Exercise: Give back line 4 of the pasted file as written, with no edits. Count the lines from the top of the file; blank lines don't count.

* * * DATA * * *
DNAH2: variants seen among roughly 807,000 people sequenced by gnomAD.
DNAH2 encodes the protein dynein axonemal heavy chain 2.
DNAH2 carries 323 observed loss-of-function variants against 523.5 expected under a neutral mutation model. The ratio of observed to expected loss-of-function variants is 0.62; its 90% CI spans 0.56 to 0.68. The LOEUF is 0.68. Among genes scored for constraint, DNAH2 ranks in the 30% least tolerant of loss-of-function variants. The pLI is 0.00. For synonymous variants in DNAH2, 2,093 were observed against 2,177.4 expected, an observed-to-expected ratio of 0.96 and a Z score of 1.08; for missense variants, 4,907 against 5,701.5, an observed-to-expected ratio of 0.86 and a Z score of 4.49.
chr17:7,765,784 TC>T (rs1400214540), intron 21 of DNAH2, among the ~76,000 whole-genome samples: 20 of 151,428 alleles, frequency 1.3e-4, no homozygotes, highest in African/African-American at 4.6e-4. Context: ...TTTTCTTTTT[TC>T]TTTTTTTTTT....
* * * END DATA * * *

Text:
chr17:7,765,784 TC>T (rs1400214540), intron 21 of DNAH2, among the ~76,000 whole-genome samples: 20 of 151,428 alleles, frequency 1.3e-4, no homozygotes, highest in African/African-American at 4.6e-4. Context: ...TTTTCTTTTT[TC>T]TTTTTTTTTT....